11179596644_5234b2ac93_bDespite having been to well over two hundred different grounds in Europe between us (probably – we don’t actually keep a record), and well over half of the current La Liga grounds, there has been one large gap in the list. Olympique Marseille, the Great OM. But we had a cunning plan to put that right. Our annual pre-Christmas trip this year was to be to the Mediterranean to watch Olympique take on Montpellier in the battle of the Cote D’Azur. Logistics were straight forward with tickets procured in the perfect spot to see the Ultras. After all, we weren’t really going to watch the football, were we?

And then it went wrong. Horribly wrong. Those underpaid, overworked, stressed French footballers announced they were going on strike in protest about the amount of tax they had to pay. They would be barricading the golf course/luxury car show rooms and country clubs with their camouflage Lamborghini until their demands were met. Our trip looked as if it would constitute one CFA2 game (think county league but with less dogs wearing scarves), lots of beer and buckets full of Bouillabaisse. And I hate fish stew. Continue reading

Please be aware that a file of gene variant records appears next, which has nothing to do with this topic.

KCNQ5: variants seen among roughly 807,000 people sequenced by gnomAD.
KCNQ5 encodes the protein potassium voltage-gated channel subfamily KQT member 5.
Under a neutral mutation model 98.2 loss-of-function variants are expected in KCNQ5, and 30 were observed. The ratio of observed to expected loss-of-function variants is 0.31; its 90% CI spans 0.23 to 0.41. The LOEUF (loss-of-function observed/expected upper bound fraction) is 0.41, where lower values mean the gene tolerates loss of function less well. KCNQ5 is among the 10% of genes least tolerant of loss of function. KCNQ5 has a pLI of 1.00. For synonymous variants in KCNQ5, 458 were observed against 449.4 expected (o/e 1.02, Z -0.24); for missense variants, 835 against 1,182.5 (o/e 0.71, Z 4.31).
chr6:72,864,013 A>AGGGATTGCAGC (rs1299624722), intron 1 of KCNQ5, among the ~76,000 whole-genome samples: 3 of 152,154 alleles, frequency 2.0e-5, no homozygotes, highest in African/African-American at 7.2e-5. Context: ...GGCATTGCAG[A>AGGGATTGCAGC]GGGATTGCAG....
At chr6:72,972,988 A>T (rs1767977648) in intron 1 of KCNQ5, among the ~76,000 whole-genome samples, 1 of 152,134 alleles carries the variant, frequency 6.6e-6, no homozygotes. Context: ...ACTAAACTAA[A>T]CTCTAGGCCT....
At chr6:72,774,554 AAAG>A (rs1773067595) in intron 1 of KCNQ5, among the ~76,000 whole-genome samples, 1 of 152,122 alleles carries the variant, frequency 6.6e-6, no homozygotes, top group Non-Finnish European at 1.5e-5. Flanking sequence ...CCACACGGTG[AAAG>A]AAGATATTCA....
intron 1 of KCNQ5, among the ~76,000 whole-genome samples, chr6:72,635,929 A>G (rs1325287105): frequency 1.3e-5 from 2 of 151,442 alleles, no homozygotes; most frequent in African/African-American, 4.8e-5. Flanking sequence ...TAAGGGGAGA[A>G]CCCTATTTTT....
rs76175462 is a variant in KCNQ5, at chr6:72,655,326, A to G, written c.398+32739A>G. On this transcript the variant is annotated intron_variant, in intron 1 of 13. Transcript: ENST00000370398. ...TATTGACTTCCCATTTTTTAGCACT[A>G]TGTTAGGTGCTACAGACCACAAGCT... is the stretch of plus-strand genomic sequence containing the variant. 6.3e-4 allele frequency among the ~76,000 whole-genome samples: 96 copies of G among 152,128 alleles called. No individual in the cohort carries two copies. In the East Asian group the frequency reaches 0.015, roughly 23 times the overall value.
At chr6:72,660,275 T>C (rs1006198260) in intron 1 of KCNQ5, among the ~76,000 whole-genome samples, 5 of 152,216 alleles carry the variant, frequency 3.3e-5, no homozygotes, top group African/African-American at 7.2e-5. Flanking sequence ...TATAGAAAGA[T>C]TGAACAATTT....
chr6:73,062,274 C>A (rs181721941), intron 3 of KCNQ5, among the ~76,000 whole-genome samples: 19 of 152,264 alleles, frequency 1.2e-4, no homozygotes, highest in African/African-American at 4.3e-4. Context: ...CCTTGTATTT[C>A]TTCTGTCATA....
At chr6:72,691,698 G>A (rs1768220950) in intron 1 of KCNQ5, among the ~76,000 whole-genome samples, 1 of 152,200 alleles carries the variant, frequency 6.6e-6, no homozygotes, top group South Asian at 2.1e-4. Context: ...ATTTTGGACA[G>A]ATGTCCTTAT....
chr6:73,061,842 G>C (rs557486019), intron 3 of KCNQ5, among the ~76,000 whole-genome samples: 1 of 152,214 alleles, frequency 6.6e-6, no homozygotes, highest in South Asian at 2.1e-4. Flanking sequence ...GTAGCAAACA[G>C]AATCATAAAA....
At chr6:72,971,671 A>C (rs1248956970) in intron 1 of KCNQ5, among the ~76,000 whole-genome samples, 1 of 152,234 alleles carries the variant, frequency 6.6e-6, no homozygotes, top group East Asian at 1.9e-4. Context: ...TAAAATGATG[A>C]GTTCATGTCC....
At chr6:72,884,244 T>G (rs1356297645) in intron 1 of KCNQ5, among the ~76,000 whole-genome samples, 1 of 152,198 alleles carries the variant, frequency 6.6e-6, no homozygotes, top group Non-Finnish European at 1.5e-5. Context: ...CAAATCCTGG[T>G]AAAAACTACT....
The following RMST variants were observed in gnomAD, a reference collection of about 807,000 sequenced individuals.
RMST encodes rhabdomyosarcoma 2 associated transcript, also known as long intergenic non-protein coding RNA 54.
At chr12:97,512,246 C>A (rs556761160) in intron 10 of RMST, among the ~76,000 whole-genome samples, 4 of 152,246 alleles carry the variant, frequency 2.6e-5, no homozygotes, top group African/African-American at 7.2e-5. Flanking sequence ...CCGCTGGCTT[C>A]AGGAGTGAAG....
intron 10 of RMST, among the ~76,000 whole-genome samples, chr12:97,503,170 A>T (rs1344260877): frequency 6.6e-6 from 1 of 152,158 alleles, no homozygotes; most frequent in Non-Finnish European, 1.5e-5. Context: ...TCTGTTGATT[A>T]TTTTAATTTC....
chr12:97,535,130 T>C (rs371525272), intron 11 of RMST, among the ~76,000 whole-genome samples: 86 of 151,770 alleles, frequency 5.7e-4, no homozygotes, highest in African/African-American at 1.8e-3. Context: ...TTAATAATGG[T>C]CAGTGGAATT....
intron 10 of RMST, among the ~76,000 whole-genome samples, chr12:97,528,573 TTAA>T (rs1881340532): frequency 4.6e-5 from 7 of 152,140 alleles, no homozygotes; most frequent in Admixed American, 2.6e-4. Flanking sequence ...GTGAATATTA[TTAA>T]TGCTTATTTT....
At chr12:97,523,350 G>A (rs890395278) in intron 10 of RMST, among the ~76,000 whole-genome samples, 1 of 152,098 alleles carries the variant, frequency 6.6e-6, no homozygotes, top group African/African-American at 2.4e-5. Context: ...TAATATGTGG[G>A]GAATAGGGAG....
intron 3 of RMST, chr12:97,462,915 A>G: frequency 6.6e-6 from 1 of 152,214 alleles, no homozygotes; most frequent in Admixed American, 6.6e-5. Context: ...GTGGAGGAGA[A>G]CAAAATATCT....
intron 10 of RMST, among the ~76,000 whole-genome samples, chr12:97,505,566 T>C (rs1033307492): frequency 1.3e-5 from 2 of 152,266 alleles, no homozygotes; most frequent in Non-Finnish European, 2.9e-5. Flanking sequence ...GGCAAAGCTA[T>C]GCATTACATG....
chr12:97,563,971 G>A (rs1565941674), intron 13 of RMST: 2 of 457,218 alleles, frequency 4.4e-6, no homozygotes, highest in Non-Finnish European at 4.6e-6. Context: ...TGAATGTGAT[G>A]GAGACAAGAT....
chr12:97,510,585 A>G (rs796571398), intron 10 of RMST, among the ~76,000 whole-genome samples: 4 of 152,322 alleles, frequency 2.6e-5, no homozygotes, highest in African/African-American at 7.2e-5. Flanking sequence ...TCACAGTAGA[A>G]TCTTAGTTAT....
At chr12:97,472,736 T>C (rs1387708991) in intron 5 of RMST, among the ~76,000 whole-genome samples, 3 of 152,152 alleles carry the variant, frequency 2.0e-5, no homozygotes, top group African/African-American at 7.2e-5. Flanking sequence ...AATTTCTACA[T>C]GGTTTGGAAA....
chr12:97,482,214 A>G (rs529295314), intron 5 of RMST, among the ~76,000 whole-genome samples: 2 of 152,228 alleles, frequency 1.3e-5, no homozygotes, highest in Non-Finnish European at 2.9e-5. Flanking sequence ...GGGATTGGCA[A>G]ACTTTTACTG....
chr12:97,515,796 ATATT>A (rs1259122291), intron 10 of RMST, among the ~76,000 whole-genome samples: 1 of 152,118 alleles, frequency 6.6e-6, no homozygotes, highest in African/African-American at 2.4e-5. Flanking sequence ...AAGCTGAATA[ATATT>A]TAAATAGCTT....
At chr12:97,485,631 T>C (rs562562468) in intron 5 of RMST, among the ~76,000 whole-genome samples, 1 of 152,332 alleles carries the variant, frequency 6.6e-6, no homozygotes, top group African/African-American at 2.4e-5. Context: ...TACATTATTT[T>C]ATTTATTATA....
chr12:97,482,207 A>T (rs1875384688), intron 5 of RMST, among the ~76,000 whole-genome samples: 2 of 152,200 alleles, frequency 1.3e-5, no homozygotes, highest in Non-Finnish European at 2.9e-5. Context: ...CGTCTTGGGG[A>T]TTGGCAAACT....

On the fourth day of TBIR Christmas – The Best football tat


Football clubs are the best in the world at taking any item, sticking a badge on it and selling it at a premium, because they know that like lemmings jumping over a cliff, fans will buy anything.  Back in the day some of the big clubs dipped a toe into true commercialisation by producing curtains, wallpaper and duvet covers.  I even had a West Ham throw on my bed that potentially stopped some “action” when a young girl managed to be persuaded upstairs whilst my parents were at work one summer holiday and as a Spurs fan she said “for God yes; for my country, yes; for my Queen, yes but not bloody likely for Billy Bonds”.

So in the past year we have had our feelers out for this new category of award.  We have seen some belters that didn’t make the final cut.  The rule here was then we had to see the items for ourselves.  So without further ado I give you the top three items of football tat in 2012:-

3rd best football tat – VfL Bochum net curtains
8116079356_ff77f7319a_bImagine the scene.  You are in a bar close to your favourite team’s ground. but you cannot look out of the window because you will not be seen as a fanatical follower of your team.  So what do you do?  What about buying some small net curtains emblazoned with your club badge that both protects your privacy and shows your allegiance.  Well look no further than these beauties being modelled by none other than Kenny “Adventures in Tinpot” Legg on our recent beano to the Ruhr Valley.  Available in home “white” or away “whitish”.